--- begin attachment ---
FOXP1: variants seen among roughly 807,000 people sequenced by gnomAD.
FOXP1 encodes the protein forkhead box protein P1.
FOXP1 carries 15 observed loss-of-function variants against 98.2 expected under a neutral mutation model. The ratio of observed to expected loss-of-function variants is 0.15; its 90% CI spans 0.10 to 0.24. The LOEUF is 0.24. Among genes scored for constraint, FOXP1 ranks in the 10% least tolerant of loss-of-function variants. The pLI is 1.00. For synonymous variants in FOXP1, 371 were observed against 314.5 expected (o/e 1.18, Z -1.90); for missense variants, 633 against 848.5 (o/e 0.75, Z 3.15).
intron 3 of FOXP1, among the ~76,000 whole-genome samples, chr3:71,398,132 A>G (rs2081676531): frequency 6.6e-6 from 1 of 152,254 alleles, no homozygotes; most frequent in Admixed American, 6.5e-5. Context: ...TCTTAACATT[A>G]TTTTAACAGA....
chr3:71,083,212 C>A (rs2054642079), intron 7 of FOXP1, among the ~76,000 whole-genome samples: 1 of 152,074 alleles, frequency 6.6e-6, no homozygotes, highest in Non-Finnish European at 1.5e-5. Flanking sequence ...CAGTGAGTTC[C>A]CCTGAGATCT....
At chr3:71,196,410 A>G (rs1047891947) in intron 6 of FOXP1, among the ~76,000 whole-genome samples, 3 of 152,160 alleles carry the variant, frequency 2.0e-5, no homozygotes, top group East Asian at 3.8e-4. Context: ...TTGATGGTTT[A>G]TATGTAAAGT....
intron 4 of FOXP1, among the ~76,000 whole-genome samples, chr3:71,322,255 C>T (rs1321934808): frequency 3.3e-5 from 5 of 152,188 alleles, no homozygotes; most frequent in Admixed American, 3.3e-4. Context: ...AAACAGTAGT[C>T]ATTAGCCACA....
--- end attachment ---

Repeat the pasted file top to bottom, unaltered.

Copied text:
FOXP1: variants seen among roughly 807,000 people sequenced by gnomAD.
FOXP1 encodes the protein forkhead box protein P1.
FOXP1 carries 15 observed loss-of-function variants against 98.2 expected under a neutral mutation model. The ratio of observed to expected loss-of-function variants is 0.15; its 90% CI spans 0.10 to 0.24. The LOEUF is 0.24. Among genes scored for constraint, FOXP1 ranks in the 10% least tolerant of loss-of-function variants. The pLI is 1.00. For synonymous variants in FOXP1, 371 were observed against 314.5 expected (o/e 1.18, Z -1.90); for missense variants, 633 against 848.5 (o/e 0.75, Z 3.15).
intron 3 of FOXP1, among the ~76,000 whole-genome samples, chr3:71,398,132 A>G (rs2081676531): frequency 6.6e-6 from 1 of 152,254 alleles, no homozygotes; most frequent in Admixed American, 6.5e-5. Context: ...TCTTAACATT[A>G]TTTTAACAGA....
chr3:71,083,212 C>A (rs2054642079), intron 7 of FOXP1, among the ~76,000 whole-genome samples: 1 of 152,074 alleles, frequency 6.6e-6, no homozygotes, highest in Non-Finnish European at 1.5e-5. Flanking sequence ...CAGTGAGTTC[C>A]CCTGAGATCT....
At chr3:71,196,410 A>G (rs1047891947) in intron 6 of FOXP1, among the ~76,000 whole-genome samples, 3 of 152,160 alleles carry the variant, frequency 2.0e-5, no homozygotes, top group East Asian at 3.8e-4. Context: ...TTGATGGTTT[A>G]TATGTAAAGT....
intron 4 of FOXP1, among the ~76,000 whole-genome samples, chr3:71,322,255 C>T (rs1321934808): frequency 3.3e-5 from 5 of 152,188 alleles, no homozygotes; most frequent in Admixed American, 3.3e-4. Context: ...AAACAGTAGT[C>T]ATTAGCCACA....